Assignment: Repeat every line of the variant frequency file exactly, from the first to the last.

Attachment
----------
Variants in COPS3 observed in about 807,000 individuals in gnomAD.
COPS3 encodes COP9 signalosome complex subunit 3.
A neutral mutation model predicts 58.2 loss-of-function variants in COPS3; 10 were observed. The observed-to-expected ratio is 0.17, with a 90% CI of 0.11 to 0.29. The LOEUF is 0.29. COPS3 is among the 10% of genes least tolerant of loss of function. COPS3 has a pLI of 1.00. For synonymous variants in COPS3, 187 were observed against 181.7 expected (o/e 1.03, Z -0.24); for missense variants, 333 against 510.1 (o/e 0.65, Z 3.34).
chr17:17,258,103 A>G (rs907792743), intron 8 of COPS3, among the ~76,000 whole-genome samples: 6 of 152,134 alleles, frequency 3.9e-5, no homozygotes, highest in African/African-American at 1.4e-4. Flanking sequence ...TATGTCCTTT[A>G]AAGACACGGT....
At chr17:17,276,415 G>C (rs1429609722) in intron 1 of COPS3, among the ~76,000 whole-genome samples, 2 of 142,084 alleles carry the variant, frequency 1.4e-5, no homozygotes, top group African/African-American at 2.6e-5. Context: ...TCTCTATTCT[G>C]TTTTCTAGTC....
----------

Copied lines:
Variants in COPS3 observed in about 807,000 individuals in gnomAD.
COPS3 encodes COP9 signalosome complex subunit 3.
A neutral mutation model predicts 58.2 loss-of-function variants in COPS3; 10 were observed. The observed-to-expected ratio is 0.17, with a 90% CI of 0.11 to 0.29. The LOEUF is 0.29. COPS3 is among the 10% of genes least tolerant of loss of function. COPS3 has a pLI of 1.00. For synonymous variants in COPS3, 187 were observed against 181.7 expected (o/e 1.03, Z -0.24); for missense variants, 333 against 510.1 (o/e 0.65, Z 3.34).
chr17:17,258,103 A>G (rs907792743), intron 8 of COPS3, among the ~76,000 whole-genome samples: 6 of 152,134 alleles, frequency 3.9e-5, no homozygotes, highest in African/African-American at 1.4e-4. Flanking sequence ...TATGTCCTTT[A>G]AAGACACGGT....
At chr17:17,276,415 G>C (rs1429609722) in intron 1 of COPS3, among the ~76,000 whole-genome samples, 2 of 142,084 alleles carry the variant, frequency 1.4e-5, no homozygotes, top group African/African-American at 2.6e-5. Context: ...TCTCTATTCT[G>C]TTTTCTAGTC....